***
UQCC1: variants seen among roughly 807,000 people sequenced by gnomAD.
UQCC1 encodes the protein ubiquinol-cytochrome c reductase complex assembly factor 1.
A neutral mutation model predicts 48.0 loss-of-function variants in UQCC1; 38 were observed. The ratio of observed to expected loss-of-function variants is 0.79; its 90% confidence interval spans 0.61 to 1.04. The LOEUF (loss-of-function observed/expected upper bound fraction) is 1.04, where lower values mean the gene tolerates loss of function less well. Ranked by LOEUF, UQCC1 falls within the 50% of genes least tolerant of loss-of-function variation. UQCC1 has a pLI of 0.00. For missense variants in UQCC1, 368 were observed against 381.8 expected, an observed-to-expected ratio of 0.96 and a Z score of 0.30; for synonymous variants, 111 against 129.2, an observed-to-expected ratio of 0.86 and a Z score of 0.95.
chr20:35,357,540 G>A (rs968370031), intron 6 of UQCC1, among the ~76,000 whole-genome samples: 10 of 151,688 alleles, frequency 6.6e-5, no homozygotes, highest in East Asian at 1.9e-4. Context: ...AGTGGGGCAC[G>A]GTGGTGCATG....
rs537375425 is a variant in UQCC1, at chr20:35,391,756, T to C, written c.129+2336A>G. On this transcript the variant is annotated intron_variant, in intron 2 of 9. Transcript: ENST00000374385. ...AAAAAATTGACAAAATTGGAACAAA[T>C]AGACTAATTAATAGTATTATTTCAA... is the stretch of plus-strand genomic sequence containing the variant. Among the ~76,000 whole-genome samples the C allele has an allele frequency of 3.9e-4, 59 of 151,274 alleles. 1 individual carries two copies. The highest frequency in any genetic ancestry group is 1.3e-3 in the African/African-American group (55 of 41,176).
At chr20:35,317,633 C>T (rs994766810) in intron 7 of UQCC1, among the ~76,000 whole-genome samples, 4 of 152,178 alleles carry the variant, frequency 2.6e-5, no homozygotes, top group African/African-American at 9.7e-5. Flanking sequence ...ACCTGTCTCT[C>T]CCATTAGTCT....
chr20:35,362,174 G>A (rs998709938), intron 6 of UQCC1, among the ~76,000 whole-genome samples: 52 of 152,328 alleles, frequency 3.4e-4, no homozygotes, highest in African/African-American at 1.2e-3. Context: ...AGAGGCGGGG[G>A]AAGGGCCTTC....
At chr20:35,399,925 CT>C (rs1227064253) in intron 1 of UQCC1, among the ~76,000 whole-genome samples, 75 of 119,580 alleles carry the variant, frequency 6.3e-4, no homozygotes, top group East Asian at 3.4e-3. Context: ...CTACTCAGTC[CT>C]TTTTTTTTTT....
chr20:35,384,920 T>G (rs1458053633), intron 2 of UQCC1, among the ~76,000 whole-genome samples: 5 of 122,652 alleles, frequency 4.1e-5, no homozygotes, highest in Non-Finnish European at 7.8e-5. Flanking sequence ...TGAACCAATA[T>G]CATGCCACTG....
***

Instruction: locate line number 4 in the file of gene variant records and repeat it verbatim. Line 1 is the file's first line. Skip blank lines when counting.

chr20:35,357,540 G>A (rs968370031), intron 6 of UQCC1, among the ~76,000 whole-genome samples: 10 of 151,688 alleles, frequency 6.6e-5, no homozygotes, highest in East Asian at 1.9e-4. Context: ...AGTGGGGCAC[G>A]GTGGTGCATG....